Nigerians’ Transitioning to charcoal stoves and Matters Arising.

By Tosin Kolade, News Agency of Nigeria (NAN)

“Our ‘Joko’ charcoal stoves are a must have for everyone. Easy to use, cooks faster, use less charcoal and super durable.

“Because of its wall insulation, it concentrates all the generated heat onto the food that is cooking for even, and faster cooking.

“The big size sells for N21,500, while the small size sells for N15,000, We are not taking online orders for now only store pick ups”.

These and many more are what is available at online retail stores of a popular brand selling locally-fabricated kitchen appliances.

Many of these brands use different catchphrases and advertising strategies to draw attention to their products and in an impressive manner.

From using sponsored advertising campaigns online and the word of mouth and referrals, the advent of charcoal stoves and its acceptability among Nigerians cannot be underestimated.

Due to rising kerosene and cooking gas prices, a Mararaba resident, Hauwa Ladan notes a shift to charcoal stoves and firewood as primary cooking options.

She finds charcoal stoves economical and faster for family meals, advocating this alternative to friends and neighbors.

Ladan highlights the considerable impact of high cooking gas costs, adding financial strain to households in Nigeria.

According to a report by the National Bureau of Statistics (NBS), cooking gas prices surge by 38 per cent hit ₦16,250 per 12.5kg cylinder in January 2024.

The NBS says there was a 3.55 per cent month-on-month increase in the average retail price for refilling a 5kg cylinder.

This surge in prices is accompanied by a 37 per cent increase in the price of 1kg of gas, which rose to ₦1,300 from ₦950 during the same period.

The blame placed by the Nigerian Association of Liquefied Petroleum Gas Marketers (NALPGAM) on LPG terminal owners for the high cooking gas prices underscores the complexities in the supply chain.

Industry watchers say such disputes may reveal challenges in distribution, storage, or pricing strategies.

Addressing these issues is crucial to stabilise and potentially lower cooking gas prices for consumers, the NALPGAM says.

President of the NALPGAM, Oladapo Olatunbosun insists that liquefied petroleum gas, popularly called cooking gas, has risen to at least N1,300 per kilogramme.

Indeed, the increased use of charcoal stoves and firewood in Nigeria poses environmental concerns such as deforestation, air pollution, degradation of ecosystems and other potential consequences.

Discussing the adverse effects of cooking with firewood, Dr Temitope Oyetunji, a family health doctor in Abuja, emphasised the dual impact on both users and the environment.

According to Oyetunji, the smoke from burning firewood poses health risks, leading to respiratory and heart diseases when inhaled.

He emphasised that the emitted smoke particles contribute to environmental pollution, impacting the ozone layer.

“The consistent use of firewood and other fossil fuels creates polluted air, affecting several Sustainable Development Goals (SDGs).

“They include SDG3 (Good Health and Well-being), SDG 7 (Affordable and clean energy), SDG 11 (sustainable cities and communities), and SDG 13 (climate action)”.

The World Health Organization points out that fossil fuels, as major contributors to harmful emissions, significantly impact global health.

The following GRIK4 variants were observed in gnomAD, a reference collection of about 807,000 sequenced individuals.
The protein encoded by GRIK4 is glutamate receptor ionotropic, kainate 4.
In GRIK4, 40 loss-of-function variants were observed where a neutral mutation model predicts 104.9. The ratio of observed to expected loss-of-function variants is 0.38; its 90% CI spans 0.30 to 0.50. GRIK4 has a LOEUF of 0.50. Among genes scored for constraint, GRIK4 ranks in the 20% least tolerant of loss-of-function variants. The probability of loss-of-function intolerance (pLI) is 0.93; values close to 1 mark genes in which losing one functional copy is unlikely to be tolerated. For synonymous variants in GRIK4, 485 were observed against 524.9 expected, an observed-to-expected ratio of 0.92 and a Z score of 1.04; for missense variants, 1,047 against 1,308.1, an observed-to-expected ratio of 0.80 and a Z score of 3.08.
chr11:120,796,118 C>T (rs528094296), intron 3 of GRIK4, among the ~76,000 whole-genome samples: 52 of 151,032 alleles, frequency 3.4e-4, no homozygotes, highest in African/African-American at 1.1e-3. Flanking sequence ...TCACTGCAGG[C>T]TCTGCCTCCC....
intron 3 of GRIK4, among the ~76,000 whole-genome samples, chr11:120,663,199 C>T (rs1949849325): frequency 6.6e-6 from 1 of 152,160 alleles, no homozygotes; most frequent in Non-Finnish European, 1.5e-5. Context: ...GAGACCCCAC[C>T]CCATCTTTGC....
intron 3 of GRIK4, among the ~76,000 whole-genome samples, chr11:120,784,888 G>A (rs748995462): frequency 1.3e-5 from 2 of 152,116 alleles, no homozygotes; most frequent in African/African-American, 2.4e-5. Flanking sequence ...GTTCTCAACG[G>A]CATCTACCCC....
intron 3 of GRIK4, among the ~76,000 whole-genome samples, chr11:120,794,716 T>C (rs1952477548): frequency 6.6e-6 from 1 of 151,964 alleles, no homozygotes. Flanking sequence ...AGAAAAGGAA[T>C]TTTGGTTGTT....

The WHO says 99 percent of the world’s population breathes air exceeding the organisation’s quality limits, posing threats to health.

Consequently, the WHO stresses the urgent need to reduce fossil fuel usage and implement tangible measures to alleviate air pollution.

Analysts say encouraging sustainable alternatives and efficient use of cooking gas could mitigate these environmental impacts and promote a healthier balance between energy needs and environmental conservation.

According to them, promoting sustainable practices, such as reforestation, efficient use of wood, and alternative energy sources, is essential to mitigate these environmental consequences.

An Environmentalist, Mr Newton Jibunoh, underscored the detrimental impact of tree felling for firewood in Nigeria, emphasising that it led to loss of biodiversity.

Jibunoh highlighted that deforestation significantly diminishes habitats for diverse plant and animal species, resulting in a notable decline in overall biodiversity.

According to him, the crucial role trees play in preventing soil erosion cannot be ignored, saying that their removal, as seen in the quest for firewood, can lead to diminished soil fertility and an increase in erosion rates.

He drew attention to the role of trees in absorbing carbon dioxide, noting that widespread removal of trees for firewood contributes to elevated levels of greenhouse gases, thereby exacerbating the challenges posed by climate change.

“The significance of trees in regulating water cycles cannot be underestimated, deforestation disrupts local hydrological patterns, potentially affecting water availability in the region.

“Many communities rely on forests for resources, as deforestation intensifies, these communities experience adverse effects on their livelihoods and cultural practices”.

In conclusion, experts advocate a shift to sustainable cooking practices in Nigeria due to escalating costs of traditional fuels like gas and environmental concerns with firewood and charcoal stoves.

They propose reforestation and alternative energy adoption to mitigate environmental impacts.

Additionally, they opined that fostering collaboration and addressing supply chain issues could stabilise and lower cooking gas prices, benefiting both the economy and the environment.


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